Savile play 'not about the money'
The creator of a play about the Jimmy Savile abuse scandal has denied that the production is "entertainment", saying: "We're not in it for the money."
Impressionist Alistair McGowan stars in An Audience With Jimmy Savile, which was written by journalist Jonathan Maitland and opens with a preview tonight.
Maitland received abuse on Twitter after announcing that he would be staging the story of the paedophile and late TV presenter's public and private life.
He told ITV show This Morning: "It's an incredibly important story ... it's one of the most important stories of the last 30 years.
"I really understand the urge to sweep him under the carpet but the trouble is that is what contributed to him and others like him getting away with it b ecause the BBC and the NHS, when people were hinting at stuff ... people put their fingers in their ears.
"I've spoken to about half a dozen victims of Savile. I've spoken to a lot more victims of sexual abuse (carried out by others).
"The victims are incredibly supportive. Everyone's presuming to speak for them, saying it's exploitative and they haven't seen it yet. The victims are saying ... 'we want to be heard'."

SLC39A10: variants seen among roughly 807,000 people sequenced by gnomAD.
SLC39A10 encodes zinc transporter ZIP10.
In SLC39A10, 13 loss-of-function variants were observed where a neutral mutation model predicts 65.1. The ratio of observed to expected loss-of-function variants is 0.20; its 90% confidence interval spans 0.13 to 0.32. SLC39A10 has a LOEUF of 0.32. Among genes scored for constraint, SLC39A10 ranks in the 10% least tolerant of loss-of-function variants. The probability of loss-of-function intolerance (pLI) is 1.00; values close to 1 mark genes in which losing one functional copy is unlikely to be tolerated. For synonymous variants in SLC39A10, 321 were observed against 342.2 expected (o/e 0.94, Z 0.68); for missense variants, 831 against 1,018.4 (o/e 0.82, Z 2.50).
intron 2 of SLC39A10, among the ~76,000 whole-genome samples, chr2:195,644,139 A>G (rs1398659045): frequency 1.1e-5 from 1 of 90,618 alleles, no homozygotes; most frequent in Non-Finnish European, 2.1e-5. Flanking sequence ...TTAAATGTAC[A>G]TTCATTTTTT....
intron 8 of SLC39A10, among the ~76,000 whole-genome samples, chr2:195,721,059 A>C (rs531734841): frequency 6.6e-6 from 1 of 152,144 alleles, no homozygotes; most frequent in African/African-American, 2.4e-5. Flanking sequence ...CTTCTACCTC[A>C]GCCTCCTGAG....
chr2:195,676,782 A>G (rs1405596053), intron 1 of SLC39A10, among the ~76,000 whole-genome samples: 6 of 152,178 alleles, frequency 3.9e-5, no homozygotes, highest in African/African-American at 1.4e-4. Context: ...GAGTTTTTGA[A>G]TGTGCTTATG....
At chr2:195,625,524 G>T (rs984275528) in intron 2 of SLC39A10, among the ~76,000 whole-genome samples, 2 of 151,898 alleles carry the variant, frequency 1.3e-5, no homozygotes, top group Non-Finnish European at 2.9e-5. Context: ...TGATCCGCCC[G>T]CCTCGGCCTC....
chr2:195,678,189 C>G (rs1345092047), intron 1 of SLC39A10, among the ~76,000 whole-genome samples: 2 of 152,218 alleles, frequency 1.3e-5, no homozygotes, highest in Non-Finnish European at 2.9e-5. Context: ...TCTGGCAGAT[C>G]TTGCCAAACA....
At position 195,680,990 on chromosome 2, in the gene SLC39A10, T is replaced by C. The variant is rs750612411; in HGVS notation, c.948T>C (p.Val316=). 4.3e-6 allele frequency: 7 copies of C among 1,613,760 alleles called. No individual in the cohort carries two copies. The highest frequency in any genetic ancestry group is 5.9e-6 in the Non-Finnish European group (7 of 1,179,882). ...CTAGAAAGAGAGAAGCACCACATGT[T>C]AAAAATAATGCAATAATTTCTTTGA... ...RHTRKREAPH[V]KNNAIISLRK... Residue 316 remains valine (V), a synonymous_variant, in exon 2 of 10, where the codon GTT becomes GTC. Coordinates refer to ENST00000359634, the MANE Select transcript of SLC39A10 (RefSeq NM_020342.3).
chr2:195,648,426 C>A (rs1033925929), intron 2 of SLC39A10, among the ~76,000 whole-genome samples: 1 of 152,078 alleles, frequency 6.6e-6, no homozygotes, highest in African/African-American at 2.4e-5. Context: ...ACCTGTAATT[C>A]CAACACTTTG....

He said that the play was "not entertainment" but "like a public service forum".
Maitland added: "In theatre you do not make money. If this makes a profit, and I really hope it does, a large chunk of it will go to the National Association for People Abused in Childhood (NAPAC) charity. Believe me, we're not in it for the money and we're not profiting."
McGowan recently told Andrew Marr that he did not just have second thoughts about playing Savile but "third, fourth, fifth and sixth thoughts" too.
"I was so duped by him that, just after he died, BBC North wanted me to do a tribute show about him because I'd done an impression of him on my show. They asked me to talk about him and his voice and how much affection he was held in and I did it. So subsequently, I feel very pleased to be able to redress that (with the play)," he said.
S et in 1991, the play, opening at the Park Theatre, in north London, draws on transcripts of interviews, witness statements and official reports, and centres on a This Is Your Life-style show.